I haven’t seen a specification on the encoding format for the YCbCr encoded ProRes files, and without that, we are somewhat shooting in the dark.

If you try to load the ProRes codec stream, you will almost certainly be downgraded to an 8 bit stream and it will likely be incorrectly decoded. This is typical across many different applications as decoding and encoding is a rather complex set of operations where any single operation can botch your footage.

Best practice is to dump to a raw image stream and assert that your decode went correctly.

If you use a bleeding edge FFMPEG, you can dump to a native bit depth TIFF file for example. I’ll go out on a limb and speculate that the ProRes stream is encoded using 709 weights. You should assert that this is the case, as if you use the wrong weights to decode the YCbCr, your footage will be dumped incorrectly. Also assert how the footage is encoded and whether or not it is broadcast or full range.

Once you have a native image format, you can ingest it into Blender. There will be two transforms that you will need to be careful with. The first is the transfer curve. This is typically a 709 curve in most footage, but in the case of the BMCC it is some form of a log curve. I’m not entirely sure which one it would be, but plausibly a Cineon log. Given that Blender’s internal reference space is linearized, the footage will be rolled inversely through the transform and you will end up with roughly linearized footage values.

The second transform is a potential color transformation based on the primaries of the camera. I’m not familiar enough to know if the color primaries are converted to sRGB / 709 primaries in the camera. If they are, you don’t need to add on this transform to your custom group transform in OCIO. If it is in any other set of primaries, you will need to transform from those primaries to sRGB / 709.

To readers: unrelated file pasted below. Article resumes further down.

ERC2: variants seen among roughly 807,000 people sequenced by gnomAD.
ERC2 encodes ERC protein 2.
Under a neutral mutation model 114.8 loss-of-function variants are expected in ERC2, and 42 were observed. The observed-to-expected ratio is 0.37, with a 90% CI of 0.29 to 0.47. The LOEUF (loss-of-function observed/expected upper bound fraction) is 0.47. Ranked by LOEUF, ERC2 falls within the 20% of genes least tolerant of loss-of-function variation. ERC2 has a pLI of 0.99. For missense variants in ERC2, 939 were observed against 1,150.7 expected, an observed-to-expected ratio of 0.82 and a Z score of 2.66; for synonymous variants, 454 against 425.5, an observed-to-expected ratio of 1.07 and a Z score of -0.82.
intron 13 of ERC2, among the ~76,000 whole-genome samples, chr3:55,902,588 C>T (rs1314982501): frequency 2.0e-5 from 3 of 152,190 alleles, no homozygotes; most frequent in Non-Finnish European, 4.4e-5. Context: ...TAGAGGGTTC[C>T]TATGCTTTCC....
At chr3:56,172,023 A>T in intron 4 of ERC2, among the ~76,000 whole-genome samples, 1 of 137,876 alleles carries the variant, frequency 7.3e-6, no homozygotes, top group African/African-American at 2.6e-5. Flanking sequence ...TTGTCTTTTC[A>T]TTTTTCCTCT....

That’s the long and the short of it, but I’m a little short on accurate information to give you a definitive solution sadly.

In the end, you have a color management system in place that can let you harness the footage assuming the correct details can be gleaned from specifications and documents.

It should be noted that you can leverage existing LUTs where the reference space assumptions are identical. In the case of Blender, it evolved off of the Nuke reference space LUTs. These are available, including the Cineon log 1D LUT, at the official repository at

With respect,

Thank you for the tip. It took me a few tries to edit the config file and install the luts but I got it. Here’s my comparison between the original and Cineon.

Original BMCC footage:

Cineon through Blender:

I believe the BMC log is custom, so you would need the LUT from Resolve. In addition, there is another for the color primaries.

Sadly, those would only apply to the raw footage, and I am unsure how the ProRes files are encoded.